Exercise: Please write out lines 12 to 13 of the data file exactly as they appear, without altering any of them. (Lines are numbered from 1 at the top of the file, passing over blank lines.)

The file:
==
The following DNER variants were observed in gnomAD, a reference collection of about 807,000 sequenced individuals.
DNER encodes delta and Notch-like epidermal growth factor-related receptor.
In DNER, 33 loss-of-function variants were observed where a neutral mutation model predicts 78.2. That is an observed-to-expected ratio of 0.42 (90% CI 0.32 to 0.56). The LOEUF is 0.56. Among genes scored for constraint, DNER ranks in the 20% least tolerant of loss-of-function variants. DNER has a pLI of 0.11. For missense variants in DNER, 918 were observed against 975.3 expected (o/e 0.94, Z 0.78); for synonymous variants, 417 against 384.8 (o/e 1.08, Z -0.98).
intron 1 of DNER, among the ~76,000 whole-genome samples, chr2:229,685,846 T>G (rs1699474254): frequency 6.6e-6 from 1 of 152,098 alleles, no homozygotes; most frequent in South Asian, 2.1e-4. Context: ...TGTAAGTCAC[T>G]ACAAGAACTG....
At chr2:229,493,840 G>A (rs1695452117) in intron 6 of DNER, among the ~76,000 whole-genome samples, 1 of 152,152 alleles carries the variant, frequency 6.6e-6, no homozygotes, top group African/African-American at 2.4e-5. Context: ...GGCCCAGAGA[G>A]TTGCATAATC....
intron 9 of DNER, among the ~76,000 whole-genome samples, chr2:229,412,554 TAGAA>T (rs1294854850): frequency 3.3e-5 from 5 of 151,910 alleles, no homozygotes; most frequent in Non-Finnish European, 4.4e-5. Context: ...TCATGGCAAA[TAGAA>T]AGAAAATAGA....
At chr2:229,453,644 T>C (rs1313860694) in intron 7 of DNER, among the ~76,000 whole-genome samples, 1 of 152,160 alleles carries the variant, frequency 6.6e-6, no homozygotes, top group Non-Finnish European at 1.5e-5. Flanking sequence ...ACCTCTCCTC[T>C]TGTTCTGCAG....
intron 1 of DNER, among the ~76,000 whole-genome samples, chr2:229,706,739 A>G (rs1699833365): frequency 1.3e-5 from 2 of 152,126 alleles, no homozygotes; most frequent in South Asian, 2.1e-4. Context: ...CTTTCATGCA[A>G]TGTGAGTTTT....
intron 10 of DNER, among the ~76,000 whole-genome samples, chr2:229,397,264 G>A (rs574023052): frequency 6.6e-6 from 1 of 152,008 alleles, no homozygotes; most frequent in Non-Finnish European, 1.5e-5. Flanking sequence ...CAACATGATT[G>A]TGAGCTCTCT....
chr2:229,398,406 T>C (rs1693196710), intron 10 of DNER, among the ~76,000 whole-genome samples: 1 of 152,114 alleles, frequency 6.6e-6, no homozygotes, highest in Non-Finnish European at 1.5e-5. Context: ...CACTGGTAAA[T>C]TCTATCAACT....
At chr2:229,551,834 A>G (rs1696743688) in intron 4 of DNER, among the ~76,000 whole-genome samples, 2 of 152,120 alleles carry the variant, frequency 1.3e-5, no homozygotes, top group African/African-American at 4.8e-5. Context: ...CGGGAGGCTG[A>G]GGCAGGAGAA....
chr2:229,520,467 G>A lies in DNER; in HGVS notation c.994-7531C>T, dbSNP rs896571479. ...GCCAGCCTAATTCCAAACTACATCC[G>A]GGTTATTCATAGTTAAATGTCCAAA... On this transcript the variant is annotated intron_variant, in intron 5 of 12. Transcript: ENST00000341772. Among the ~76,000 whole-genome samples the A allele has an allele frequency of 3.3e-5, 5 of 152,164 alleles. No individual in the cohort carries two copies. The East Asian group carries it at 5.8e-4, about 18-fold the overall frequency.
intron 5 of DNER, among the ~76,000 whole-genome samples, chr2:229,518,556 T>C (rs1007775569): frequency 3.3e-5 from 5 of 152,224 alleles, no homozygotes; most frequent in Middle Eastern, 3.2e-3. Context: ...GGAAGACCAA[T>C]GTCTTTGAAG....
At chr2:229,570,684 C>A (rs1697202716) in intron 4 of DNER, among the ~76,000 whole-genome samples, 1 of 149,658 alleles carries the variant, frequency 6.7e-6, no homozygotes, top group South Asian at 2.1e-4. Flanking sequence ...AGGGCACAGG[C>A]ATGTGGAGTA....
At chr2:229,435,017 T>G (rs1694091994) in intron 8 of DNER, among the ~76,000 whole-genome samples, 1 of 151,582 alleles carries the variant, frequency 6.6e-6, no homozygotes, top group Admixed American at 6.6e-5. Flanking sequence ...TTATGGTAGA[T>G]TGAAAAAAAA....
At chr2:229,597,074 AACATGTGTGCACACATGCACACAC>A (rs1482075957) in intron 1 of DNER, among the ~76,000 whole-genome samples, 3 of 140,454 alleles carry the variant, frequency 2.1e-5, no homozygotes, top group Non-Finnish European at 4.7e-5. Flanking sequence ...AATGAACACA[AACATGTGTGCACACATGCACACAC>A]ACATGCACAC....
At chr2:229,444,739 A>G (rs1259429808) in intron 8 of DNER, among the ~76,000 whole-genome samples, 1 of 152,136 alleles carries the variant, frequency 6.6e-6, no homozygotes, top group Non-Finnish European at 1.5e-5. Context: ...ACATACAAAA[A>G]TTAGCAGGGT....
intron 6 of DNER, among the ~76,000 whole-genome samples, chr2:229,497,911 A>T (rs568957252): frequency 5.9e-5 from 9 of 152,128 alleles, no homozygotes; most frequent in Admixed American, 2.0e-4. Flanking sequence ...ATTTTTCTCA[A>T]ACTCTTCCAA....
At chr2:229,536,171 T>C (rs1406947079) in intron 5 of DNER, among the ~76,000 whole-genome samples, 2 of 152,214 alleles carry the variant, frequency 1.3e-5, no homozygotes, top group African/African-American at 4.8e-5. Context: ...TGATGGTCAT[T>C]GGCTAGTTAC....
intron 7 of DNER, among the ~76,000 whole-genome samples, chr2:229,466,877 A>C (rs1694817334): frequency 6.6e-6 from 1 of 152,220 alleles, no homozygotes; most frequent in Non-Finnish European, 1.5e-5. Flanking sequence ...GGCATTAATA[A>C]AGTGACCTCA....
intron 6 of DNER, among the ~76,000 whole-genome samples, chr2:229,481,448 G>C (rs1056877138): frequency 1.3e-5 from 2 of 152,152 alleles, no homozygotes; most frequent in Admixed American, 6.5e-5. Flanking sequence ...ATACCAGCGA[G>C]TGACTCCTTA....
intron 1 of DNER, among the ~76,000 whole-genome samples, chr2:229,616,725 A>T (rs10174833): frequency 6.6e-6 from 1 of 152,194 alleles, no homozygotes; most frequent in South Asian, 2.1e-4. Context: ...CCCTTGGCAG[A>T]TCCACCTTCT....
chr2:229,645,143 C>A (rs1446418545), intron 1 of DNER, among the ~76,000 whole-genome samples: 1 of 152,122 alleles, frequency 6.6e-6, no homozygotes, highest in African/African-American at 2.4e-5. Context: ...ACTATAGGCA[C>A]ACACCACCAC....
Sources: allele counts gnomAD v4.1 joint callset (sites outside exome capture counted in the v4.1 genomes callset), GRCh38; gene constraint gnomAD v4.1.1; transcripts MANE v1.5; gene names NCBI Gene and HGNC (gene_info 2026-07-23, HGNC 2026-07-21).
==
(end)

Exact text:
chr2:229,520,467 G>A lies in DNER; in HGVS notation c.994-7531C>T, dbSNP rs896571479. ...GCCAGCCTAATTCCAAACTACATCC[G>A]GGTTATTCATAGTTAAATGTCCAAA... On this transcript the variant is annotated intron_variant, in intron 5 of 12. Transcript: ENST00000341772. Among the ~76,000 whole-genome samples the A allele has an allele frequency of 3.3e-5, 5 of 152,164 alleles. No individual in the cohort carries two copies. The East Asian group carries it at 5.8e-4, about 18-fold the overall frequency.
intron 5 of DNER, among the ~76,000 whole-genome samples, chr2:229,518,556 T>C (rs1007775569): frequency 3.3e-5 from 5 of 152,224 alleles, no homozygotes; most frequent in Middle Eastern, 3.2e-3. Context: ...GGAAGACCAA[T>C]GTCTTTGAAG....